Extremist-Ruled Mosul: Why Some Iraqis Are Returning

Extremist-Ruled Mosul: Why Some Iraqis Are Returning
Iraqi tribesmen carry their weapons as they gather to show their readiness to join Iraqi security forces in the fight against Jihadist militants who have taken over several northern Iraqi cities on June 16 in Baghdad
Photograph by Ahmad Al-Rubaye/AFP via Getty Images

Luqman decided to flee his hometown of Mosul after he heard of the new rules for local residents published by the militants who took the city from the Iraqi government on June 9. According to the oil company accountant, the Islamic State of Iraq and Syria (ISIS) had banned alcohol, drugs, and cigarettes, instructed women to go out only if necessary and only while veiled, and pledged to punish thieves by amputating their hands. Luqman, who declined to be identified by his last name, had a more pressing reason to escape the city’s new rulers: He is a Shiite, a member of a religious sect that the Sunni extremists consider apostate. “As long as Da’ash are in Mosul,” he says, using the group’s abbreviated Arabic name, “I cannot come back.”

On Saturday, about 20 miles east of Mosul, Luqman’s car was one of a mass of vehicles waiting to be waved into Erbil, the capital of Iraqi Kurdistan, the wealthy, semiautonomous enclave that has so far avoided the violence of Iraq’s accelerating implosion. A Kurdish fighter manning the checkpoint says that at the beginning last week the road had been backed up for several miles, with hundreds of thousands of people fleeing Mosul after its lightning-quick capture by ISIS. The flood of refugees, he says, has since slowed considerably.

In fact, there seems to be a noticeable uptick in traffic returning to the fallen city—and it’s further evidence of the way Iraq is divided between Sunni and Shiite factions. Even with their neighborhoods under ISIS control—and even with reports that the jihadists had executed as many as 1,700 Iraqi soldiers, all Shiites, in the city of Tikrit 140 miles to the south—many Mosul residents were choosing to head back home from the autonomous region ruled by the Kurdish people, an ethnic group distinct from the Sunni and Shiite Arabs who predominate the rest of Iraq.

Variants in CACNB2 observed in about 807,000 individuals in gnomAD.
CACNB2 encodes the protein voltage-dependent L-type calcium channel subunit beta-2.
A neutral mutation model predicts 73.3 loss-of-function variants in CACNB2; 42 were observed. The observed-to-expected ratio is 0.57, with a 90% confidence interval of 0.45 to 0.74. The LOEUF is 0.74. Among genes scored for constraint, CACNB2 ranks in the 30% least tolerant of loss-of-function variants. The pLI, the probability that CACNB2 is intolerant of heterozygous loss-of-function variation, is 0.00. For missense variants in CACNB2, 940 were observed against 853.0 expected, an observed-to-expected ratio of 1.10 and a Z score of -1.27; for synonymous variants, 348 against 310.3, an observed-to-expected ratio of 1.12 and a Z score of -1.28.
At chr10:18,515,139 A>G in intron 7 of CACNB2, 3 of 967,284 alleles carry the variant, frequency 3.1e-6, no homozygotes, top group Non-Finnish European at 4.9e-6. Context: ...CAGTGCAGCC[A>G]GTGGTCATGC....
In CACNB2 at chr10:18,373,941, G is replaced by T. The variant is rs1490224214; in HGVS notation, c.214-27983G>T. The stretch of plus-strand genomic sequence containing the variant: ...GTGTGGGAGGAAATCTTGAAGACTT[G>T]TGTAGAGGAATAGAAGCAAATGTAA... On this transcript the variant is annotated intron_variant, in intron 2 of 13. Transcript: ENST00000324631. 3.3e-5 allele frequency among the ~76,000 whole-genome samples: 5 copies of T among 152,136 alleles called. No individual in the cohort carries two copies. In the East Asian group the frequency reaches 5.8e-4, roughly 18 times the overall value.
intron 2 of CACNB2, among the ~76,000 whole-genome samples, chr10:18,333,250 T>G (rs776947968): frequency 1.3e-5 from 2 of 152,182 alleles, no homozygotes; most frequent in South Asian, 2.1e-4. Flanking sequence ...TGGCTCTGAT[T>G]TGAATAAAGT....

Most of those returning were Sunni Arabs. They believed that the worst, including the threat of airstrikes, was now over. Some were ready to welcome the extremists as liberators, not occupiers. Others figured that ISIS rule was the lesser of two evils compared with the government of Nouri al-Maliki, Iraq’s Shiite prime minister, based in Baghdad. The ISIS has begun a military campaign against Baghdad itself even as the central government vows to retake the huge areas now occupied by the militants.

Life with the jihadists—some of them homegrown, others from places including Syria, Saudi Arabia, and Afghanistan—was “a million times better” than with Maliki’s officials, says Saad, a young father of three who remained in Mosul. He had driven to Erbil to pick up his wife and children, whom he sent over for safety last week. Now, he says, it was safe to return: Mosul’s new rulers “were on the corners, on the streets, providing security. They’re courteous. If people greet them, they greet them back.” The Sunni Muslim adds, “Maliki has been in power for eight years, and there’s been no improvement, at least not for Sunnis. There’s been no services, no electricity, no jobs.” The insurgents, he says, were providing cheap gasoline, removing roadblocks, and restoring electricity. “Whoever comes to Mosul and serves the people, we will support them, no matter who they are.”

Asma, an elementary school teacher, was headed back as well, in a minivan with her son behind the wheel and her daughters squeezed into the back. She says that she, too, was fed up with the daily humiliation that she and her family had endured under the Maliki regime: Random searches had become routine, jobs were dished out to Shiites, and policemen demanded bribes in exchange for protection. She says the cops harassed young people and repeatedly beat up her son. All that, she hopes, would now come to an end. Still, Asma insists, she does not want ISIS in charge over the long run. “We don’t want Da’ash. We want a government that will respect us.”

Between those fleeing, and those returning, were those in limbo. At a refugee camp set up a few hundred yards north of the checkpoint, a group of Iraqi soldiers and police officers, dressed in sweatpants and T-shirts, sat listlessly inside a large tent. They had escaped Mosul, along with tens of thousands of other deserters, on the night of June 9, leaving their uniforms and weapons behind. “The commanders were the first ones to leave,” says Ahmet, who identified himself as a member of a SWAT team. “What’s a simple soldier to do? We took our uniforms off, and we left as soon as possible.”

They could not go back Mosul for fear of death. “Da’ash have checkpoints all over [Mosul],” says Mohamed, potbellied and notably older than the others, reclining on a thin mattress. The militants had a database with all the names of all local Iraqi policemen and soldiers, including his, he claims. “When you pass through a checkpoint, they take your ID, they check your name on a laptop, and if it comes up they will punish or kill you.” The soldiers had little choice but to head for Kurdistan, where they knew they would be detained at the border. They cannot enter the capital Erbil without a local resident who could vouch for them.

Time is on the insurgents’ side, Ahmet warns. Even if ISIS itself is thought to number only about 10,000 militants, he says, its ranks have recently swelled with other Sunni militias, officers from the ousted regime of Saddam Hussein, and new recruits. “Many more thousands will join. If a family has four boys, Da’ash will take three of them and leave one. They will only get stronger. If they are to be stopped, it is now or never.”

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